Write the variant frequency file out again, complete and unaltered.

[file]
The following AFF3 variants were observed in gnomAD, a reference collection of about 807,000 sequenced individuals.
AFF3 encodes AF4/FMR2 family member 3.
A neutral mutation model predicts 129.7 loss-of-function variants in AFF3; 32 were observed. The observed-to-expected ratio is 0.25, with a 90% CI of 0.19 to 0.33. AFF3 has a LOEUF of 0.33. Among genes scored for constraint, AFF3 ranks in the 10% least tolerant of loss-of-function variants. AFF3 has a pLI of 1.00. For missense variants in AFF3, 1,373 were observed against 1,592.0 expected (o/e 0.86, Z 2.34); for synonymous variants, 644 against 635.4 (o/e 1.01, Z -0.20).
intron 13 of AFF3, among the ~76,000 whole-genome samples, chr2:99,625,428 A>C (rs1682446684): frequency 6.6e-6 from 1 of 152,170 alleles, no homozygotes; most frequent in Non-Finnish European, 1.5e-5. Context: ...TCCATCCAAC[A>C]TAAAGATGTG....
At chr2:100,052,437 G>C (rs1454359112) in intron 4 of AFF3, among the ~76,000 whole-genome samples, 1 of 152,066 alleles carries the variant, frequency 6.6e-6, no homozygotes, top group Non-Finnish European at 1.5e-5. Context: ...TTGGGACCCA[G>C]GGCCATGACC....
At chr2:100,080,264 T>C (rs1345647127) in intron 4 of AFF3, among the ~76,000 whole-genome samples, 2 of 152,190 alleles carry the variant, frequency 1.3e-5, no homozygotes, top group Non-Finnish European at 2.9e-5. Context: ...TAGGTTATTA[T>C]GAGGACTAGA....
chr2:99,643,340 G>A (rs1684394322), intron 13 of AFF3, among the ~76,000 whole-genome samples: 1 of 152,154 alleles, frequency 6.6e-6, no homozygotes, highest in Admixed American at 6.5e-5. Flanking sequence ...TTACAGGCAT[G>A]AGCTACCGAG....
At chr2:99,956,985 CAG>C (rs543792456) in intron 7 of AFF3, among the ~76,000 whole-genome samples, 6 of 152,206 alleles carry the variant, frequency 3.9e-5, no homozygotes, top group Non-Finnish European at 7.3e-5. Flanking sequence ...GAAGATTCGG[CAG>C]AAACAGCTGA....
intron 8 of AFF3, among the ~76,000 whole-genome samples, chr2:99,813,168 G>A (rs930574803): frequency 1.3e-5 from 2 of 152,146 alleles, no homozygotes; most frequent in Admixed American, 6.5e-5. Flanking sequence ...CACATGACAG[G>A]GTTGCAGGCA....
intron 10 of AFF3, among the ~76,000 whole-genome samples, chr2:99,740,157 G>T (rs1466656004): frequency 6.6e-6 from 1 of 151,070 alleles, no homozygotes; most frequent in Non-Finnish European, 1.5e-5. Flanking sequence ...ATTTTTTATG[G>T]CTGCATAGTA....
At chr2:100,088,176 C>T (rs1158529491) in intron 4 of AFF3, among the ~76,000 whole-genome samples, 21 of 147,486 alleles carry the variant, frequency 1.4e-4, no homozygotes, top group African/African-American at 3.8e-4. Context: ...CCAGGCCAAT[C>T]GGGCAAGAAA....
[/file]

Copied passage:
The following AFF3 variants were observed in gnomAD, a reference collection of about 807,000 sequenced individuals.
AFF3 encodes AF4/FMR2 family member 3.
A neutral mutation model predicts 129.7 loss-of-function variants in AFF3; 32 were observed. The observed-to-expected ratio is 0.25, with a 90% CI of 0.19 to 0.33. AFF3 has a LOEUF of 0.33. Among genes scored for constraint, AFF3 ranks in the 10% least tolerant of loss-of-function variants. AFF3 has a pLI of 1.00. For missense variants in AFF3, 1,373 were observed against 1,592.0 expected (o/e 0.86, Z 2.34); for synonymous variants, 644 against 635.4 (o/e 1.01, Z -0.20).
intron 13 of AFF3, among the ~76,000 whole-genome samples, chr2:99,625,428 A>C (rs1682446684): frequency 6.6e-6 from 1 of 152,170 alleles, no homozygotes; most frequent in Non-Finnish European, 1.5e-5. Context: ...TCCATCCAAC[A>C]TAAAGATGTG....
At chr2:100,052,437 G>C (rs1454359112) in intron 4 of AFF3, among the ~76,000 whole-genome samples, 1 of 152,066 alleles carries the variant, frequency 6.6e-6, no homozygotes, top group Non-Finnish European at 1.5e-5. Context: ...TTGGGACCCA[G>C]GGCCATGACC....
At chr2:100,080,264 T>C (rs1345647127) in intron 4 of AFF3, among the ~76,000 whole-genome samples, 2 of 152,190 alleles carry the variant, frequency 1.3e-5, no homozygotes, top group Non-Finnish European at 2.9e-5. Context: ...TAGGTTATTA[T>C]GAGGACTAGA....
chr2:99,643,340 G>A (rs1684394322), intron 13 of AFF3, among the ~76,000 whole-genome samples: 1 of 152,154 alleles, frequency 6.6e-6, no homozygotes, highest in Admixed American at 6.5e-5. Flanking sequence ...TTACAGGCAT[G>A]AGCTACCGAG....
At chr2:99,956,985 CAG>C (rs543792456) in intron 7 of AFF3, among the ~76,000 whole-genome samples, 6 of 152,206 alleles carry the variant, frequency 3.9e-5, no homozygotes, top group Non-Finnish European at 7.3e-5. Flanking sequence ...GAAGATTCGG[CAG>C]AAACAGCTGA....
intron 8 of AFF3, among the ~76,000 whole-genome samples, chr2:99,813,168 G>A (rs930574803): frequency 1.3e-5 from 2 of 152,146 alleles, no homozygotes; most frequent in Admixed American, 6.5e-5. Flanking sequence ...CACATGACAG[G>A]GTTGCAGGCA....
intron 10 of AFF3, among the ~76,000 whole-genome samples, chr2:99,740,157 G>T (rs1466656004): frequency 6.6e-6 from 1 of 151,070 alleles, no homozygotes; most frequent in Non-Finnish European, 1.5e-5. Flanking sequence ...ATTTTTTATG[G>T]CTGCATAGTA....
At chr2:100,088,176 C>T (rs1158529491) in intron 4 of AFF3, among the ~76,000 whole-genome samples, 21 of 147,486 alleles carry the variant, frequency 1.4e-4, no homozygotes, top group African/African-American at 3.8e-4. Context: ...CCAGGCCAAT[C>T]GGGCAAGAAA....